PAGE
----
Owner of 30-meter M/Y Lady Pamela
Mark Simonds, along with his family, have been ordered to quarantine for two weeks after the Queensland government revoked a travel exemption for the vessel. She sailed out of Melbourne on August 9 and stopped at least five times as she sailed up the east coast, The Sydney Morning Herald
An exemption was granted by Maritime Safety Queensland on August 23 for the vessel to enter the state, reportedly for maintenance work, to sail directly from Victoria to Queensland without any stops. The only people meant to be on board were those necessary to bring the yacht safely up to Queensland, Brisbane Times
However, the exemption was revoked on August 25 after Queensland Health received new information. According to The Sydney Morning Herald
, the guests and several crewmembers were removed from the vessel by Queensland Police members on the evening of August 25. Police had received evidence that the guests and crew disembarked on August 21 in Yamba, New South Wales, Australia, which is “understood to have breached the conditions of their exemption.”
Maritime Services and public health authorities boarded the vessel, checked the log, and tested those aboard for COVID-19. With conflicting information of whether all those on board were crew and where they had been, Queensland’s Chief Health Officer Jeannette Young removed the exemption and required the quarantine until it could be sorted, Brisbane Times reports.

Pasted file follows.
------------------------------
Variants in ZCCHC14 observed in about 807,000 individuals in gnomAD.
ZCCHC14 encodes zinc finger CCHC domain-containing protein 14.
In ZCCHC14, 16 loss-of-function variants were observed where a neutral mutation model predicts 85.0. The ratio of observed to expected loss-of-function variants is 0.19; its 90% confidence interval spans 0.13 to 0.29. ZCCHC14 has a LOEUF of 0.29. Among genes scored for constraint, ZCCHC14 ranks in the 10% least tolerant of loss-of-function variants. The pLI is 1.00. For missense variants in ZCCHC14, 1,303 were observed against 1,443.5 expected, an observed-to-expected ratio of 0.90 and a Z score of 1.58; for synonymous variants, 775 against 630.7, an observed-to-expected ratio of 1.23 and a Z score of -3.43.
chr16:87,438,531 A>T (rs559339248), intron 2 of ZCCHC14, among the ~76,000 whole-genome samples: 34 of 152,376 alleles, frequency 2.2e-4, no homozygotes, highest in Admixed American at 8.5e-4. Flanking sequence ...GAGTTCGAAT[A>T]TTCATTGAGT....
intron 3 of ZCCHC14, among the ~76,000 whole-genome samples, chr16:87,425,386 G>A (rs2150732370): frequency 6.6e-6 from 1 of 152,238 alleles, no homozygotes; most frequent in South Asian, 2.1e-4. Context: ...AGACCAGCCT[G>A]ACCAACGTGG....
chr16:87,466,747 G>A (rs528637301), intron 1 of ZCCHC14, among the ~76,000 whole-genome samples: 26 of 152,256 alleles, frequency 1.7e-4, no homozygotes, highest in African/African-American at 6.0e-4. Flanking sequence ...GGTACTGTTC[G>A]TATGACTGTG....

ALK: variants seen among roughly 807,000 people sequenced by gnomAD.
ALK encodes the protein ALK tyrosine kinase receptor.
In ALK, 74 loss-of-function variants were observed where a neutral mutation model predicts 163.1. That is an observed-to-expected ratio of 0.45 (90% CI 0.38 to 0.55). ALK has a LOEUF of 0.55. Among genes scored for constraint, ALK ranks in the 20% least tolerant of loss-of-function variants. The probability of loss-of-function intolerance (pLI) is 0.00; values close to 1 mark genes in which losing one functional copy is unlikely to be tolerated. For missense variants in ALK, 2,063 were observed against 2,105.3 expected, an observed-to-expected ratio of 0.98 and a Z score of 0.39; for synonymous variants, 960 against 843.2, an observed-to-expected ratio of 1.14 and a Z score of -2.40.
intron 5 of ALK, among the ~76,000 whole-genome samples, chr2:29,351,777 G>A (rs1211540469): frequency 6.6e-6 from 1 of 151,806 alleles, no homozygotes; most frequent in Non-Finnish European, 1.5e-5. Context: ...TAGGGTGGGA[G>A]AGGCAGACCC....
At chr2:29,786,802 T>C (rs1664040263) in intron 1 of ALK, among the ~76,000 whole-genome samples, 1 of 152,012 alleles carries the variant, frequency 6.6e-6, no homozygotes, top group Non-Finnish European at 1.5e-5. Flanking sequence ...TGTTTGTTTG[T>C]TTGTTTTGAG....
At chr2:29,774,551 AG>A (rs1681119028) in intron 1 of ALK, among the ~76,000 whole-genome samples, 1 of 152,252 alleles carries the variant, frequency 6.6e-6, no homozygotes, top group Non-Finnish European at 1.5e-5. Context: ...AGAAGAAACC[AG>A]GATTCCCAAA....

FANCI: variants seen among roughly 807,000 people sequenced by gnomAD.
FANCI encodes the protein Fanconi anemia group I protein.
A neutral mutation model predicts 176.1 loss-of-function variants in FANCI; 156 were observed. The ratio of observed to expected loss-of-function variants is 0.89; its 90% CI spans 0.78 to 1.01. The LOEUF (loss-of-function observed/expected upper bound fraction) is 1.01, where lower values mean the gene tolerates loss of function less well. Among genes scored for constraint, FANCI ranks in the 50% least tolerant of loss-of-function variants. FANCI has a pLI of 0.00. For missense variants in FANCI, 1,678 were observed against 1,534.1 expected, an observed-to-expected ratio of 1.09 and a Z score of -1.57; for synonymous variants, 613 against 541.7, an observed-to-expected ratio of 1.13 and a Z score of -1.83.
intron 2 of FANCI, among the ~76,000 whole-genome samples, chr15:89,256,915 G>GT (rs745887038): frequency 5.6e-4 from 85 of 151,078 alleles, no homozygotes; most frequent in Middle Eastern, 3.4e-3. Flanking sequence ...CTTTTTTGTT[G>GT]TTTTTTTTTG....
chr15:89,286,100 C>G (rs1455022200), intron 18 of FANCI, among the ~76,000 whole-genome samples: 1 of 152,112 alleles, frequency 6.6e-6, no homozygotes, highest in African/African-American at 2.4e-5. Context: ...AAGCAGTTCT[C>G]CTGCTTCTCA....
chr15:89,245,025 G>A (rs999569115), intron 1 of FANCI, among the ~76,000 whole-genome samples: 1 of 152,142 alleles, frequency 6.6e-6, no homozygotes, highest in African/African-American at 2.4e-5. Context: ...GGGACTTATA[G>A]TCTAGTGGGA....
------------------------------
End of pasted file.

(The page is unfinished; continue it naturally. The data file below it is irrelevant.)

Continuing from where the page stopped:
As of August 28, Brisbane Times
reported that a criminal investigation is under way into the 15-day journey that was taken. The number of agencies involved, including Maritime Safety Queensland and NSW police force, have complicated the investigation. Lady Pamela
left one week after Melbourne entered stage four lockdown under an exception allowing people to move to a new home or leave Victoria to reside in another state. The NSW/Victoria border closed on July 7, while Queensland’s border closed to Victorians on July 9.
Ten other yachts had been granted exemptions to enter Queensland with only crew on board. ABC News Australia
reports that exemptions have been given to those who have been on a sea vessel for 14 days and not visited a hotspot area during that time, but if they had, they are required to quarantine for 14 days.